Grab your friends and join us TONIGHT for our blind tasting league! 

$15. Space is limited! Buy tickets online or call 575-9525 and reserve your space. FOR ALL THE INFO!!

No blindfolds. No experience necessary!

Come and have a great time with your friends!



Follow us on Instagram!


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2980 Hits

Ostatu Rioja Blanco



This is Rioja Blanca!  High altitude vines 30 to 80 years old give us this blend of 85% Viura and 15% Malvasia. The wine is blanca fresh and fruity with a surprise touch of apricot. But what, you ask, is Rioja Blanca anyway?  Simply a term used to describe the various white varietal blends legally recognized in the Rioja. About one seventh of the vines in Rioja offer up light skinned grapes, Malvasia and Viura (local term for Macabeo) and Garnacha Blanca are the three most often called upon. Viura provides crisp fruit with green apple type acidity. Malvasia has detectible and delightful! honeysuckle and melon aromas and flavors. And when used, Garnacha Blanca brings varietally characteristic peachy citrus aromas and weight. Try the different, Rioja Blanca!!!


From the winery:

Wine-maker: Iñigo Sáenz de Samaniego
Vineyard management: Ernesto Sáenz de Samaniego/Iñigo Sáenz de Samaniego
Region: D.O.C. Rioja, Subzone Rioja Alavesa.
Vintage: 2013
Official Vintage Rating: Good
Release Date: December 2013

Vineyards: The grapes come from the highest parts of our oldest vineyards, around the villages of Samaniego, Laguardia, and Leza, at an altitude of 580 metres above sea level. Poor calcareous/clay soil, on south facing slopes. The subsoil is made up of various layers of white rock. 

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SIOS Les Creus 2010, Costers Del Segre



AMBROZIA customer called us to say she had a fabulous wine, "SIOS," there with dinner. She asked if we could order a case of SIOS for her. We were pleased to tell her that we have SIOS in the shop. Come on down! A blend of 85% Tempranillo and 15% Garnacha, SIOS is as the winemaker says: "A modern wine with a fresh and fruity character."  The nose and palate are all lush blackberry, blueberry and bosenberry wrapped in 6 months French Oak aging. The wine is balnaced, ripe and DRY. SIOS says goodbye with plum and pepper. In a perfect world, and a night at AMBROZIA is close! SIOS is served at 59 degrees. $17.99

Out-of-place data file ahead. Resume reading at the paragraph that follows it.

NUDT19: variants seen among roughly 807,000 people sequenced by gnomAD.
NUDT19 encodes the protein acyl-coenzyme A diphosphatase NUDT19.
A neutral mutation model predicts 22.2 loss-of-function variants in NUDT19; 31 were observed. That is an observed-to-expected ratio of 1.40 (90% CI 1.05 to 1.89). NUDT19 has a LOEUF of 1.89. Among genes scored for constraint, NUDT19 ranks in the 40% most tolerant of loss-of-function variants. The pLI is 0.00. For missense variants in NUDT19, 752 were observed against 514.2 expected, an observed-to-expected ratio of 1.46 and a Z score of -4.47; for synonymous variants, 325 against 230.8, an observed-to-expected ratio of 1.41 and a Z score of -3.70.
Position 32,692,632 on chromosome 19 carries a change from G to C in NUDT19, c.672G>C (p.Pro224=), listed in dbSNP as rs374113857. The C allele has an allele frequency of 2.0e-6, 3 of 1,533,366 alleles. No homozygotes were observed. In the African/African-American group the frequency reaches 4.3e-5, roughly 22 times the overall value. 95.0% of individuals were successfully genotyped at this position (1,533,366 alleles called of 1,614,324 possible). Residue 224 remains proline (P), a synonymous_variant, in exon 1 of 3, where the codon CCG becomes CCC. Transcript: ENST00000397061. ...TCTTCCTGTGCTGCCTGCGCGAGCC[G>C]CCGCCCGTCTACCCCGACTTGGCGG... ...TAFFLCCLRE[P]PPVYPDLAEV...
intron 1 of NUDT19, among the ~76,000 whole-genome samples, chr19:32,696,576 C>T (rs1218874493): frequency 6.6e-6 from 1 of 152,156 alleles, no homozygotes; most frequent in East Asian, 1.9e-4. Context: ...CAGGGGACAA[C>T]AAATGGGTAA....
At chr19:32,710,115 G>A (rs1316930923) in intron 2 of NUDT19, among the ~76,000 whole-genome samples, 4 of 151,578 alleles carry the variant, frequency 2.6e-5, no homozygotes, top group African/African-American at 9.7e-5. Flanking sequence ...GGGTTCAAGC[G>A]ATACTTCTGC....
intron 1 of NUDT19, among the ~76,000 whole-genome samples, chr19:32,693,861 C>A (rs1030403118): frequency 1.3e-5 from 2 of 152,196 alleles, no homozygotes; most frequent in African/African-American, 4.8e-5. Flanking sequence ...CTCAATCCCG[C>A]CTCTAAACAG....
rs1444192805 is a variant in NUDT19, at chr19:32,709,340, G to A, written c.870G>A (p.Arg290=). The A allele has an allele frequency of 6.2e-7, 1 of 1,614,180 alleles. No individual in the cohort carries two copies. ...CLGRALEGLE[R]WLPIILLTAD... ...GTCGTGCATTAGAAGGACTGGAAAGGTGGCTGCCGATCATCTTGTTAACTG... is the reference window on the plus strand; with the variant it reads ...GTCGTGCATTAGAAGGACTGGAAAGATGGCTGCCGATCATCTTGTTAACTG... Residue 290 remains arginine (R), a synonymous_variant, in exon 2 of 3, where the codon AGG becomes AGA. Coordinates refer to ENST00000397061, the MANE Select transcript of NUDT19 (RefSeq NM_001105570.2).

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12465 Hits

Help STOP Child Abuse

Help stop Child Abuse. When you buy Writer's Block Petite Sirah or Essay Shiraz during the month of April, 10% of the proceed goes to CAPS to further their work to STOP child abuse. From CAPS:




Join Us 





United Way Bldg, 50 S. French Broad Avenue



Commissioner Ellen Frost County Commission


Blue Ribbon Award to:  Barbara Blake, The Asheville Citizen-Times        

Presentation by CAPS Board President Leslie Hansen



THE STORY BEHIND THE BLUE RIBBON – The Blue Ribbon became the symbol of child abuse prevention when a Virginia grandmother tied a blue ribbon to the antenna of her van after her grandson was fatally abused as a signal to her community of her commitment to involve everyone in the battle against child abuse. She chose blue after seeing her grandson’s battered blue body. Her action – the action of one person – has evolved into a national campaign with millions of blue ribbons across the country every April to demonstrate a commitment to preventing child abuse and protecting all children.


Child Abuse Prevention Services, Inc

Phone: 254-2000;  caps@childabusepreventionservices,org


Working to reduce/prevent child abuse, strengthen families, and assist children who have experienced abuse through personal safety education, crisis intervention/counseling, and parent education.

There is no excuse for abuse!

All kids deserve a safe, healthy childhood!                     Child abuse prevention is Everyone’s business!


For Release_____________________ Child Abuse Prevention Services__________________________

50 S. French Broad Avenue                                Contact:  Bill McGuire